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The United Nations World Water Development Report 2019: Water and Climate Change

The 2020 edition of the World Water Development Report (WWDR 2020) entitled ‘Water and Climate Change’ aims at helping the water community to tackle the challenges of climate change and informing the climate change community about the opportunities that improved water management offers in terms of adaptation and mitigation.
‘Leaving no one behind’ is at the heart of the commitment of the 2030 Agenda for Sustainable Development, which aims to allow all people in all countries to benefit from socio-economic development and to achieve the full realization of human rights.

The scientific evidence is clear: the climate is changing and will continue to change, affecting societies mainly through water. Climate change will affect the availability, quality and quantity of water for basic human needs, threatening the effective enjoyment of the human rights to water and sanitation for potentially billions of people. The alteration of the water cycle will also pose risks for energy production, food security, human health, economic development and poverty reduction, thus seriously jeopardizing the achievement of the Sustainable Development Goals.

The 2020 United Nations World Water Development Report focuses on the challenges, opportunities and potential responses to climate change, in terms of adaptation, mitigation and improved resilience that can be addressed through improving water management.

Combining climate change adaptation and mitigation, through water, is a win-win proposal, improving the provision of water supply and sanitation services and combating both the causes and impacts of climate change, including disaster risk reduction.

DID YOU KNOW:

  • Water use has been growing at more than twice the rate of population increase in the last century (FAO, 2013a). Combined with amore erratic and uncertain supply, this will aggravate the situation of currently water-stressed regions, and generate water stress in regions with currently abundant water resources.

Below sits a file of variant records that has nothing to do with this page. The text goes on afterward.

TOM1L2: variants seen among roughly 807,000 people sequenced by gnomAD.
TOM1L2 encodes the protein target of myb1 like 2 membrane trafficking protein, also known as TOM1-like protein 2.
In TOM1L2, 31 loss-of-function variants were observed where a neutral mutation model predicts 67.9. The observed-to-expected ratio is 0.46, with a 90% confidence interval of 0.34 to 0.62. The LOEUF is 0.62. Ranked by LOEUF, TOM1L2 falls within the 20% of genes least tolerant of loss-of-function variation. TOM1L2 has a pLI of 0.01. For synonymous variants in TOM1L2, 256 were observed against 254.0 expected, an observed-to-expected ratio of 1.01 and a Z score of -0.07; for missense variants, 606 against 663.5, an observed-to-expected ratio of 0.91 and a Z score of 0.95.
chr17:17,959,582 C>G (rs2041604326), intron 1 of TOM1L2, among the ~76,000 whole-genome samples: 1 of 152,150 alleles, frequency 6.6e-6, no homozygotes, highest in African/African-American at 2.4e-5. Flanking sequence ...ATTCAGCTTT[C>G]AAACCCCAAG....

• Water stress already affects every continent (Figure 3). Physical water scarcity is often a seasonal phenomenon, rather than a chronic one (Figure 4), and climate change is likely to cause shifts in seasonal water availability throughout the year in several places (IPCC, 2014a). About four billion people live under conditions of severe physical water scarcity for at least one month per year (Mekonnen and Hoekstra, 2016). Around 1.6 billion people, or almost a quarter of the world’s population, face economic water shortage, which means they lack the necessary infrastructure to access water (UN-Water, 2014).
  • Floods and storms account for nearly 90% of the most severe natural disasters 
  • Around 74% of all natural disasters between 2001 and 2018 were water-related and during the past 20 years, the total number of deaths caused only by floods and droughts exceeded 166,000, while floods and droughts affected over three billion people, and caused total economic damage of almost US$700 billion (EM-DAT, 2019).3
  • Droughts accounted for 5% of natural disasters, affecting 1.1 billion people, killing 22,000 more, and causing US$100 billion in damage over the 20-year period (1995–2015). Over the course of one decade, the number of floods rose from an annual average of 127 in 1995 to 171 in 2004 (CRED/UNISDR, 2015).
  • The number of deaths, people affected and economic losses significantly varies annually and by continent, with Asia and Africa being the most impacted on all counts (Figures 6, 7, 8).
  • Irrigation land is where the impact of elevated temperatures and aridity will be felt most. Although the current extent of this type of land (about 3,3 million km2) accounts for only 2.5% of the total land area, it does represent 20% of cultivated land and generates some 40% of the global agricultural output (FAOSTAT, n.d.) Read MORE:
  • United Nations World Water Development Report 2019: Water and Climate Change
  • Executive Summary
  • Facts and figures
  • World Water Development reports collection
  • UNESCO World Water Page

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